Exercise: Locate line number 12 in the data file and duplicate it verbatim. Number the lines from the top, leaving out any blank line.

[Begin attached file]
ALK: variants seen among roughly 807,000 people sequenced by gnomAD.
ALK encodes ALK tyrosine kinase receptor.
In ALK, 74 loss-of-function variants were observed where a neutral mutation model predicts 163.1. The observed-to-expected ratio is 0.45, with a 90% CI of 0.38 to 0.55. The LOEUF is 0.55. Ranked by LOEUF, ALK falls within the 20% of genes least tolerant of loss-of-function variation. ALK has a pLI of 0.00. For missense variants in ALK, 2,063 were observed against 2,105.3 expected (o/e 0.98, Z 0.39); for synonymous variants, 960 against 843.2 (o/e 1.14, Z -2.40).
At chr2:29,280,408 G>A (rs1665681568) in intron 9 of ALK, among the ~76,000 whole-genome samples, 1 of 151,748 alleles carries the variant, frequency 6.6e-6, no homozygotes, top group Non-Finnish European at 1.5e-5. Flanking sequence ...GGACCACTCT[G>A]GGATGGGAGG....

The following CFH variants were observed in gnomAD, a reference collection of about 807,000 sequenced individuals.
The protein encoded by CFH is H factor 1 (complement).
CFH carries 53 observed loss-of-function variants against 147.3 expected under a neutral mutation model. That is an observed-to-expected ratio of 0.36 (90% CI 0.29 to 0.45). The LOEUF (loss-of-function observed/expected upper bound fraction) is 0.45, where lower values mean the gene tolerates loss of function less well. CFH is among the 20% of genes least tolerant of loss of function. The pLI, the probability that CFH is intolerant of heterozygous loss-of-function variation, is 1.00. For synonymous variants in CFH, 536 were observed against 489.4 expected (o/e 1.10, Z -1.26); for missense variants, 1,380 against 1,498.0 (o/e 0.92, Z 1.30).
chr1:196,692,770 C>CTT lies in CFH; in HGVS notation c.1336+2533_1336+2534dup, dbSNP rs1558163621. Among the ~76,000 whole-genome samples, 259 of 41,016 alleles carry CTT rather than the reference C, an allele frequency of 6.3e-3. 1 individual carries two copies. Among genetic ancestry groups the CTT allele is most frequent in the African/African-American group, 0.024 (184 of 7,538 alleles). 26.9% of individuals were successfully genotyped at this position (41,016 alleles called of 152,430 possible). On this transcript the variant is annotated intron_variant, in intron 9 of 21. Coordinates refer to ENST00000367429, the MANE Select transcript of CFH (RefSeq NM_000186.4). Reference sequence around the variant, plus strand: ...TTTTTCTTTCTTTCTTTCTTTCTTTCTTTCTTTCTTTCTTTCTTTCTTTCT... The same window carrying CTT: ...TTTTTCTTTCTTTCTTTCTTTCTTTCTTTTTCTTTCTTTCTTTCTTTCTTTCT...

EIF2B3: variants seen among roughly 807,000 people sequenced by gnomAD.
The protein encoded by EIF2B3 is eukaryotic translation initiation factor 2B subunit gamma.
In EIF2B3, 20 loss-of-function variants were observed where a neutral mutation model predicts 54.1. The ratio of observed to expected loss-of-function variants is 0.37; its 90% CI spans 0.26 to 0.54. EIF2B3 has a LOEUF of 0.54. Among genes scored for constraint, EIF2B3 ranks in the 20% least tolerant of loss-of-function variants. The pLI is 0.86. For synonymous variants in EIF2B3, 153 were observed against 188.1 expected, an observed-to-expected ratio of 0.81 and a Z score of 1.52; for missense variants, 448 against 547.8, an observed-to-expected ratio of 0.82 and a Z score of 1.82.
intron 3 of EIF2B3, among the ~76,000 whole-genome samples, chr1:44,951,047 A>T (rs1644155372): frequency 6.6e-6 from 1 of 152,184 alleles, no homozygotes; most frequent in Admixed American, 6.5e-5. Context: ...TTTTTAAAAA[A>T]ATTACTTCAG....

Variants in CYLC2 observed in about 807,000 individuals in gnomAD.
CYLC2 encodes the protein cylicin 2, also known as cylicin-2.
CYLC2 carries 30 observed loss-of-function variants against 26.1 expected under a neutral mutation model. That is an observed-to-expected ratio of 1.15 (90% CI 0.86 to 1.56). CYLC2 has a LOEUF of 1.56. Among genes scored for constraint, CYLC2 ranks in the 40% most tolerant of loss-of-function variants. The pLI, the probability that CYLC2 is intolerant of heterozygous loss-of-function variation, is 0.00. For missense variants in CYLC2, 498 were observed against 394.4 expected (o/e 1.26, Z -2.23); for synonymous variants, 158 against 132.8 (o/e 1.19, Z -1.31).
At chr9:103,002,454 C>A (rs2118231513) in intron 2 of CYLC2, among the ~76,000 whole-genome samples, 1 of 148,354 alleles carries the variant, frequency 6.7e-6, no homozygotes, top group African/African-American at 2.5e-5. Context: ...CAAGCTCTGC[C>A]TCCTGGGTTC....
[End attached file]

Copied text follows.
intron 3 of EIF2B3, among the ~76,000 whole-genome samples, chr1:44,951,047 A>T (rs1644155372): frequency 6.6e-6 from 1 of 152,184 alleles, no homozygotes; most frequent in Admixed American, 6.5e-5. Context: ...TTTTTAAAAA[A>T]ATTACTTCAG....